Our current situation transformed most of our homes into classrooms. We aren’t all teachers, so seeing our kids in a setup that’s usually their weekdays out of the homes, could be eye-opening and somewhat overwhelming.
We also became sensitive to other things we aren’t familiar about when things were normal. Also, we may be able to see what makes our kids thrive or be comfortable with when studying as we spend days with them in a classroom kind of setup.
If you’re a teacher, you surely have noticed kids who have different reactions than others. As a parent, you know your kids well and you might also have seen each of your kids having different personalities and different responses to your upbringing and methods of teaching (not only academically).
Create a Sensory-Friendly Classroom
To make a student’s full potential manifest, it’s important to have a conducive atmosphere. But because in a classroom setup, all students are in the same environment, it may difficult for all to thrive in the same way or speed.
There are simple ways though on how to make a sensory-friendly classroom. While this infographic shows such for a classroom, the methods can also be adapted at home.
Use Alternative Seats
We’re all used to wooden table and chairs in a classroom, bean bags in a more casual classroom setup will make for a cozier learning atmosphere.
Use Natural Light
Minimize the use of lamps or artificial lights so as not to overstimulate the kids.
Setup an Art Station
Picasso once said: “Every child is an artist. The problem is how to remain an artist once he grows up.” Having an art corner will help them express themselves and you can observe them and their personalities – kids who do not like mess, kids who are too hard on coloring, gentle ones, and those who enjoy creating something from scratch.
When writing, there are those who need complete silence to be able to focus. Allowing the use of headphones to block out noise would be beneficial to these kids.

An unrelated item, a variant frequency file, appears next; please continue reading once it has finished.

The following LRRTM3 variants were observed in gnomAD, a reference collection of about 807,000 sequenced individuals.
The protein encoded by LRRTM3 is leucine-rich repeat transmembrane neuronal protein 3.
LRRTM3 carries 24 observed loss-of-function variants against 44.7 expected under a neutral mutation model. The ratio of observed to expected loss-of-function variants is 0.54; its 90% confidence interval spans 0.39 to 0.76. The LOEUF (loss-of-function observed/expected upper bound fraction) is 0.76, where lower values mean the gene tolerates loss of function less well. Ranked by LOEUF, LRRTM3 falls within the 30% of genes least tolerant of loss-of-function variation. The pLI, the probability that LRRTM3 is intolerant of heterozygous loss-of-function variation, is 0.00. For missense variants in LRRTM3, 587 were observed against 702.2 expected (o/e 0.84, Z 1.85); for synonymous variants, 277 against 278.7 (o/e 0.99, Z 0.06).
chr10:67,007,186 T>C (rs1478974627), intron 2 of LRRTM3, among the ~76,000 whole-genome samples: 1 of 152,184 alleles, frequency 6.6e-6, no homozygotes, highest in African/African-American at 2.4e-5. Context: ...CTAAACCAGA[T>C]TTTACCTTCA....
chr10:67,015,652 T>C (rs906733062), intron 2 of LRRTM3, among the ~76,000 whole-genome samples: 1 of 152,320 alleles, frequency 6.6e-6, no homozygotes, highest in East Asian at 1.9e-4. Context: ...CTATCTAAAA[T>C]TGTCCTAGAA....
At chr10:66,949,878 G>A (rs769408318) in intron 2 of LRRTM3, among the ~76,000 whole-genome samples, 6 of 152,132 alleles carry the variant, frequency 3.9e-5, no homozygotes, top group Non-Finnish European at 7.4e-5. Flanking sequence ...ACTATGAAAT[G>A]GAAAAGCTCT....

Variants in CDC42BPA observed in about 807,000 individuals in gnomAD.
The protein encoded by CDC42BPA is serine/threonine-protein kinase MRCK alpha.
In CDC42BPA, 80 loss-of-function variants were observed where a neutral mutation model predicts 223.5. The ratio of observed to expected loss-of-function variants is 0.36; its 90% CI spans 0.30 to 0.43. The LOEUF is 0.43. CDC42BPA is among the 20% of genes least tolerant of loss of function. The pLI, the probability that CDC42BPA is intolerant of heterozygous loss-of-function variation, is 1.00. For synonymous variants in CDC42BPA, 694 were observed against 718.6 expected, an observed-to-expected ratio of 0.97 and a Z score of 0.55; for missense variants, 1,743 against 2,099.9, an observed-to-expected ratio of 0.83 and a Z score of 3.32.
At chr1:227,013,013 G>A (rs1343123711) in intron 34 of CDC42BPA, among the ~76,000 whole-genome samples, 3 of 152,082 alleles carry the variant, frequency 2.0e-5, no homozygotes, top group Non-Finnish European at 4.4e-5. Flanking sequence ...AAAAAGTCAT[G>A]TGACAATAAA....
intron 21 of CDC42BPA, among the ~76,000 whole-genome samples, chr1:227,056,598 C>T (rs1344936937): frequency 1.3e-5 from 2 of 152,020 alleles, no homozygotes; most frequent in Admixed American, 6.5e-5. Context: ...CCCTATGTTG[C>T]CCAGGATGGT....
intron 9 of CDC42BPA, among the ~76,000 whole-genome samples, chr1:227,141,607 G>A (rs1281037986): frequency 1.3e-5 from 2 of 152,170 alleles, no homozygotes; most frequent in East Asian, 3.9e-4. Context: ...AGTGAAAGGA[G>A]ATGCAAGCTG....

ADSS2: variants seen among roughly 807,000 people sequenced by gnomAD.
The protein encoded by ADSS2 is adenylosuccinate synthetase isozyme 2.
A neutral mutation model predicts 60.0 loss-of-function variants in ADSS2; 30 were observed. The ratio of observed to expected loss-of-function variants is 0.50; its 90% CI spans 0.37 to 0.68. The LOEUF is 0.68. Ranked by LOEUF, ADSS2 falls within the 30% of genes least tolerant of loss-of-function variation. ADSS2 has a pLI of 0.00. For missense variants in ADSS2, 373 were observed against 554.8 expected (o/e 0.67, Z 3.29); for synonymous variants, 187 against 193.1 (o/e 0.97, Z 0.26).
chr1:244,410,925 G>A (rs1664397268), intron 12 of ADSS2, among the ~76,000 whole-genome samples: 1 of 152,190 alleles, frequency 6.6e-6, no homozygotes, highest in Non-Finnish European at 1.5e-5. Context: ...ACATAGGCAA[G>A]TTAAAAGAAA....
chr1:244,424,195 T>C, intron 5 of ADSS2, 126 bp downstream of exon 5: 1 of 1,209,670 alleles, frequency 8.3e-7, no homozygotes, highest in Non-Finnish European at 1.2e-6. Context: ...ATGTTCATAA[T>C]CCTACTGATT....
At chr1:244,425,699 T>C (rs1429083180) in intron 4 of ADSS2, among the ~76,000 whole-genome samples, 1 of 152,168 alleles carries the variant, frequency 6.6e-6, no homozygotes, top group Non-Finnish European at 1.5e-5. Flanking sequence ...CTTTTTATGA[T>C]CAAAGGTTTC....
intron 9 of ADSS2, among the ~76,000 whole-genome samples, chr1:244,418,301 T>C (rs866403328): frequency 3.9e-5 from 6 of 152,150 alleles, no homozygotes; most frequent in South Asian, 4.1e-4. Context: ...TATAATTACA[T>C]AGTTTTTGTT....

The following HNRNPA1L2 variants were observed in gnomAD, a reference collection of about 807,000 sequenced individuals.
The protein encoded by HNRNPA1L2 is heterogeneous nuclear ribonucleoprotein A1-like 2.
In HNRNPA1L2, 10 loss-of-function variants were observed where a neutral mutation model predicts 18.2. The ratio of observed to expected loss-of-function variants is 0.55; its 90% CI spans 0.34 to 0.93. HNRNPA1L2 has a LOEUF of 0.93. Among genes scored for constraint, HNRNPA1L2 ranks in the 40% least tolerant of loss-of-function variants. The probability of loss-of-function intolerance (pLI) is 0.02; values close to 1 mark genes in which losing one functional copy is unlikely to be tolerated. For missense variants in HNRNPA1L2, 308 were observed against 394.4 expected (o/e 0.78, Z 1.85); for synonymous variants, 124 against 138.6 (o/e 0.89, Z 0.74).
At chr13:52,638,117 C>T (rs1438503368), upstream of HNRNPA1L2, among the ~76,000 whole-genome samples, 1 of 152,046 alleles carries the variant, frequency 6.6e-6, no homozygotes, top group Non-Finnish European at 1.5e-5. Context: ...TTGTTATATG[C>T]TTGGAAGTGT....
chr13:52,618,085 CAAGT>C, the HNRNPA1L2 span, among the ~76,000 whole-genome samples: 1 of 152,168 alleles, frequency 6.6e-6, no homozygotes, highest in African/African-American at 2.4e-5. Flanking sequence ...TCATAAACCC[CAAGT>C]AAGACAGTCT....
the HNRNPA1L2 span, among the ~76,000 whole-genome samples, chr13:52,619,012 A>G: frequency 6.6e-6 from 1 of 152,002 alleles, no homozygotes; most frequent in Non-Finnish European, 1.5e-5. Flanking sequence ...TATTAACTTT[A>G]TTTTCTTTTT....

‘There are two means of refuge from the misery of life — music and cats.’ Not all of us have cats, but we all have access to music. Music can encourage kids to learn and it’s relaxing.
“All work and no play makes Jack a dull boy.” This doesn’t only go for adults, kids who are always down on books can have a breather with some ball play, climbing nets, and running.
Repetition is the mother of learning. While many kids can understand as soon as they heard, some kids may not be such. Repetition doesn’t mean undermining kids’ abilities, even adults need being repeated to at some point.
Hand-eye Coordination Activities
There are particular games that enhances kids’ hand-eye coordination. Some often listed are the following:
- Lego blocks
- Relay Races
- Playing tennis ⠀
- Building with blocks⠀
- Connecting the dots ⠀
- Stringing beads ⠀
Observing the kids would make you see if they have reservations about some things. For example, a child may not want to go up a slide because he might be afraid of heights, it would be best to include a lesson on tall buildings and such to pique their interest.
Some kids do well individually, other are better when they are in group. Some are leaders, others are doers – having group activities will make a kid’s potential show.
Use Stress balls
Encourage the use of stress balls, this will be helpful for kids who get anxious about particular stimuli.
Not every kid will be able to participate in every activities you plan. Understand that every kid is unique, both with their capabilities and weaknesses.
Collaborate with Therapists, School Psychologists, Other Teachers, and Other Parents
There’s nothing more secure than having a support system to make a child thrive. As a teacher, one should work with other school personnels to make sure that the classroom is a good environment for children.
If you are a parent, coordinate with the teacher-in-charge of the class often. Make sure that you monitor your child’s or children’s progress or if they need support with anything. Also be in contact with school psychologists to better understand the phases your child goes through. Another support group you can count on would the parent’s association – and the parents of your child’s friends. It’s always cool to keep them in your circle.
Kindly share this infographic to teachers and fellow parents.
Please include attribution to WPSPublish.com with this graphic.
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